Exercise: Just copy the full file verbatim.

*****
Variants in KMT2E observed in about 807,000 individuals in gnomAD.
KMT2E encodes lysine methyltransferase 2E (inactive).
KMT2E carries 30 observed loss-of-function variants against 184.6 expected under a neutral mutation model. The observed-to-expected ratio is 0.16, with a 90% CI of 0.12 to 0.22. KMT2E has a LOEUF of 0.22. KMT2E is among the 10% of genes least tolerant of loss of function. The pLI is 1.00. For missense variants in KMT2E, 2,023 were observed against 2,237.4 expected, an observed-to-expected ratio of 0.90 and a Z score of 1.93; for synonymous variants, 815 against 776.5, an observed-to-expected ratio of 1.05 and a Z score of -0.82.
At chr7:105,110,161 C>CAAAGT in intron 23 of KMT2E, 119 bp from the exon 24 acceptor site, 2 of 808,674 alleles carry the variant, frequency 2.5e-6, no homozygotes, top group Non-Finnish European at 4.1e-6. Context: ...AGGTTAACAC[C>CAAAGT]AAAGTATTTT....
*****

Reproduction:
Variants in KMT2E observed in about 807,000 individuals in gnomAD.
KMT2E encodes lysine methyltransferase 2E (inactive).
KMT2E carries 30 observed loss-of-function variants against 184.6 expected under a neutral mutation model. The observed-to-expected ratio is 0.16, with a 90% CI of 0.12 to 0.22. KMT2E has a LOEUF of 0.22. KMT2E is among the 10% of genes least tolerant of loss of function. The pLI is 1.00. For missense variants in KMT2E, 2,023 were observed against 2,237.4 expected, an observed-to-expected ratio of 0.90 and a Z score of 1.93; for synonymous variants, 815 against 776.5, an observed-to-expected ratio of 1.05 and a Z score of -0.82.
At chr7:105,110,161 C>CAAAGT in intron 23 of KMT2E, 119 bp from the exon 24 acceptor site, 2 of 808,674 alleles carry the variant, frequency 2.5e-6, no homozygotes, top group Non-Finnish European at 4.1e-6. Context: ...AGGTTAACAC[C>CAAAGT]AAAGTATTTT....